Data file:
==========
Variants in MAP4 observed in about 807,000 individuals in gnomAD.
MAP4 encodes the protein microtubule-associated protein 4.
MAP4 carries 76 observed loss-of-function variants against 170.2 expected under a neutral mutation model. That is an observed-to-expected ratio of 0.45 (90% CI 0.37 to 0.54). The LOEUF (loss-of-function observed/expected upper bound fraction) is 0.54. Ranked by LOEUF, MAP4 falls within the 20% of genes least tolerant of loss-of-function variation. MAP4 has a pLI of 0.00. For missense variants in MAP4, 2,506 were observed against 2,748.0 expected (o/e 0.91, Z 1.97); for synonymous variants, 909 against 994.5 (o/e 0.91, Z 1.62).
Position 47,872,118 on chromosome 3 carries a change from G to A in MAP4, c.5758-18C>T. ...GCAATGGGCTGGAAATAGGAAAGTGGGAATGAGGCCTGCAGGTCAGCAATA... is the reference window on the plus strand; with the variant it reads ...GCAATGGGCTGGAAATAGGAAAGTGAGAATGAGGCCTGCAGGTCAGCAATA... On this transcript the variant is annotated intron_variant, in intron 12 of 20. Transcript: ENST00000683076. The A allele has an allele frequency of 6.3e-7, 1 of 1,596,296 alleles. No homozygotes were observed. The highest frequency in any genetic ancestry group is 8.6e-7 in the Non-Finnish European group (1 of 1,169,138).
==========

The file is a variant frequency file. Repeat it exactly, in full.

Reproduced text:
Variants in MAP4 observed in about 807,000 individuals in gnomAD.
MAP4 encodes the protein microtubule-associated protein 4.
MAP4 carries 76 observed loss-of-function variants against 170.2 expected under a neutral mutation model. That is an observed-to-expected ratio of 0.45 (90% CI 0.37 to 0.54). The LOEUF (loss-of-function observed/expected upper bound fraction) is 0.54. Ranked by LOEUF, MAP4 falls within the 20% of genes least tolerant of loss-of-function variation. MAP4 has a pLI of 0.00. For missense variants in MAP4, 2,506 were observed against 2,748.0 expected (o/e 0.91, Z 1.97); for synonymous variants, 909 against 994.5 (o/e 0.91, Z 1.62).
Position 47,872,118 on chromosome 3 carries a change from G to A in MAP4, c.5758-18C>T. ...GCAATGGGCTGGAAATAGGAAAGTGGGAATGAGGCCTGCAGGTCAGCAATA... is the reference window on the plus strand; with the variant it reads ...GCAATGGGCTGGAAATAGGAAAGTGAGAATGAGGCCTGCAGGTCAGCAATA... On this transcript the variant is annotated intron_variant, in intron 12 of 20. Transcript: ENST00000683076. The A allele has an allele frequency of 6.3e-7, 1 of 1,596,296 alleles. No homozygotes were observed. The highest frequency in any genetic ancestry group is 8.6e-7 in the Non-Finnish European group (1 of 1,169,138).